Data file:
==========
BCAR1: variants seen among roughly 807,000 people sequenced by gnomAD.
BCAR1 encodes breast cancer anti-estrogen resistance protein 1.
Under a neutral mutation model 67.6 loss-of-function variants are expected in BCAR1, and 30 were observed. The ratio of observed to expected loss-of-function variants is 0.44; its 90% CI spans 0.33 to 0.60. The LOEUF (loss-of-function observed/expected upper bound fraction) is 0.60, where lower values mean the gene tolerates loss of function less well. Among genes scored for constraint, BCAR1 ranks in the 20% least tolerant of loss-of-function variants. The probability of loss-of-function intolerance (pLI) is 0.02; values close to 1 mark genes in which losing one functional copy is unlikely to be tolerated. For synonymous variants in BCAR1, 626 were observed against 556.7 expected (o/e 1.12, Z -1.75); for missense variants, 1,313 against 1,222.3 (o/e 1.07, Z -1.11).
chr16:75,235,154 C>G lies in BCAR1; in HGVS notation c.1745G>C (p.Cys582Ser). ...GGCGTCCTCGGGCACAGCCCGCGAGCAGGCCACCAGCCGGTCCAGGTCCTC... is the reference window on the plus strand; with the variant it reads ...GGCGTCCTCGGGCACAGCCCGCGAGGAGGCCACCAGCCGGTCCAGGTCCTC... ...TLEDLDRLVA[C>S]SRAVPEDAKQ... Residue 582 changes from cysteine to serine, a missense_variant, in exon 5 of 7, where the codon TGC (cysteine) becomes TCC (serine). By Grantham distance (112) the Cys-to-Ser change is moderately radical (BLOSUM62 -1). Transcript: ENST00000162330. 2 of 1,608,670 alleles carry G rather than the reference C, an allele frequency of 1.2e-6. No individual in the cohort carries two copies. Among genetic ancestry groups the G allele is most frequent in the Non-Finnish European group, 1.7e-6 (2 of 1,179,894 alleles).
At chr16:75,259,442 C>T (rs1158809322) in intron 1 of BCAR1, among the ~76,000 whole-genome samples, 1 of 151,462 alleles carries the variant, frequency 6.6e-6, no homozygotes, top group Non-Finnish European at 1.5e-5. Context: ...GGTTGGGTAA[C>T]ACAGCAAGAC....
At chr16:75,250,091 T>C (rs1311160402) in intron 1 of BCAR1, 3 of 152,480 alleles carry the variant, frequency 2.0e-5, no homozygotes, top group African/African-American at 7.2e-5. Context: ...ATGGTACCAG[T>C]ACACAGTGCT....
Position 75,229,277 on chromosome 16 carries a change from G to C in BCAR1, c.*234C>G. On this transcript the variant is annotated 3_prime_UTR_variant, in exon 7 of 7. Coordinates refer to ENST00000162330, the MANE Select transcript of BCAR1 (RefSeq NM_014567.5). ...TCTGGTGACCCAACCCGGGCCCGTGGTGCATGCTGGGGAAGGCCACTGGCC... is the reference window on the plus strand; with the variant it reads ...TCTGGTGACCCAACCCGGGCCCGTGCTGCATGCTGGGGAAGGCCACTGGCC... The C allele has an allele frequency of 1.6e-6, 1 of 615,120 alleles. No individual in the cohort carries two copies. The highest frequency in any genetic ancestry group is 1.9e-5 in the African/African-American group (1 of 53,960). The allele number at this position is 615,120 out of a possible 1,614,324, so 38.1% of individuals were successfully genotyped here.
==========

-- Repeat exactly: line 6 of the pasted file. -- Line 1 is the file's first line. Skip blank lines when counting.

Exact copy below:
At chr16:75,250,091 T>C (rs1311160402) in intron 1 of BCAR1, 3 of 152,480 alleles carry the variant, frequency 2.0e-5, no homozygotes, top group African/African-American at 7.2e-5. Context: ...ATGGTACCAG[T>C]ACACAGTGCT....